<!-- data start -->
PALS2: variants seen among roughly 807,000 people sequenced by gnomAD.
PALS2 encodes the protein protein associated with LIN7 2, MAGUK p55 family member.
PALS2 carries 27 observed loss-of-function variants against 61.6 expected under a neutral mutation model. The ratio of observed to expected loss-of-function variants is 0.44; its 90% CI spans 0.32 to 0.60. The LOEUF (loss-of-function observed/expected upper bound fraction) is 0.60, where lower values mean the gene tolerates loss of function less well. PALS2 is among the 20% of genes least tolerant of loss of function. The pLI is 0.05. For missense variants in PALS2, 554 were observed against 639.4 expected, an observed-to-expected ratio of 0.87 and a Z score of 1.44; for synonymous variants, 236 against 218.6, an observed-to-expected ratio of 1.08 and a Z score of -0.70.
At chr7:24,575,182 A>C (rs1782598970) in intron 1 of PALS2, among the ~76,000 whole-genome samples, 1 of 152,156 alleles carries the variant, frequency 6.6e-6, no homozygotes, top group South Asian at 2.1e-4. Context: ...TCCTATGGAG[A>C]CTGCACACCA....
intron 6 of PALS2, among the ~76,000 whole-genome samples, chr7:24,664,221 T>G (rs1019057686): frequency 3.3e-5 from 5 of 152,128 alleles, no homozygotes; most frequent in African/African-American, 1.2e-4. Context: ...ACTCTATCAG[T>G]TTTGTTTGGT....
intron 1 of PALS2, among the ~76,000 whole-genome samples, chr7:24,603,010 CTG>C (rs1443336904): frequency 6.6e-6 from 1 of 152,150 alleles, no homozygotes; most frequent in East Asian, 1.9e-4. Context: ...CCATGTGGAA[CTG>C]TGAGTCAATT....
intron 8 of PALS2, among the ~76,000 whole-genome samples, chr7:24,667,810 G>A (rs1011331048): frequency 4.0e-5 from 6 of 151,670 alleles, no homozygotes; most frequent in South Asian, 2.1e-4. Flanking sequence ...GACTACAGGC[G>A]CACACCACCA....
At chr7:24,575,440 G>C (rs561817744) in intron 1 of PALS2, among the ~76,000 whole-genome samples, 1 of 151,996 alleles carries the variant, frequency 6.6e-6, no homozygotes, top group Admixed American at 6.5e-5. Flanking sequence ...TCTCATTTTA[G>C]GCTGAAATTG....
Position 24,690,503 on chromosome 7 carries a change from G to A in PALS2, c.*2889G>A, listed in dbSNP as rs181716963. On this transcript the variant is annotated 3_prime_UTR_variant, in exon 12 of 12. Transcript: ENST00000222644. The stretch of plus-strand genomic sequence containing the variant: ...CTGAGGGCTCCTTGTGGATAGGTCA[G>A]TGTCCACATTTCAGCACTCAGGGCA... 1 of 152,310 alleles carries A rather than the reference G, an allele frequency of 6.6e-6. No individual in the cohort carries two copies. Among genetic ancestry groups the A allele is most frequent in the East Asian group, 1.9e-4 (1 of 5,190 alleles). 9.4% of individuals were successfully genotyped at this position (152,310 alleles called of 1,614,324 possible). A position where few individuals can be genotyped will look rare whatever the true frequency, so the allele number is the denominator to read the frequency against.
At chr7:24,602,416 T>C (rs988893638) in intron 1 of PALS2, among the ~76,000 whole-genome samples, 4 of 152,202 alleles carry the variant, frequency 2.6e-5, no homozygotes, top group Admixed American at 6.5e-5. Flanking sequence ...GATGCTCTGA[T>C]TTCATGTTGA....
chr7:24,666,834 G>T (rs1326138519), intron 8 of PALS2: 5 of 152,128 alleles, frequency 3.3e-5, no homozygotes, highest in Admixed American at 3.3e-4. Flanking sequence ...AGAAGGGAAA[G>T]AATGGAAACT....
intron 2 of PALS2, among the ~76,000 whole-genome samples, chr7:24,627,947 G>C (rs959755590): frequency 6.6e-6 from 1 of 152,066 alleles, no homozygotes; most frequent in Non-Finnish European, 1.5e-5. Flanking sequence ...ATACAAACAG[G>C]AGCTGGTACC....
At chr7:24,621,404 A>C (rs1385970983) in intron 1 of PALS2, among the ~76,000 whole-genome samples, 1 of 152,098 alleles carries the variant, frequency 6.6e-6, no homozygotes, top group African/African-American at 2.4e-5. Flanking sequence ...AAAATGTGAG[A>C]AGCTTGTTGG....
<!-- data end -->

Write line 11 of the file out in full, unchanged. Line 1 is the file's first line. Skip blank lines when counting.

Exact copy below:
chr7:24,666,834 G>T (rs1326138519), intron 8 of PALS2: 5 of 152,128 alleles, frequency 3.3e-5, no homozygotes, highest in Admixed American at 3.3e-4. Flanking sequence ...AGAAGGGAAA[G>T]AATGGAAACT....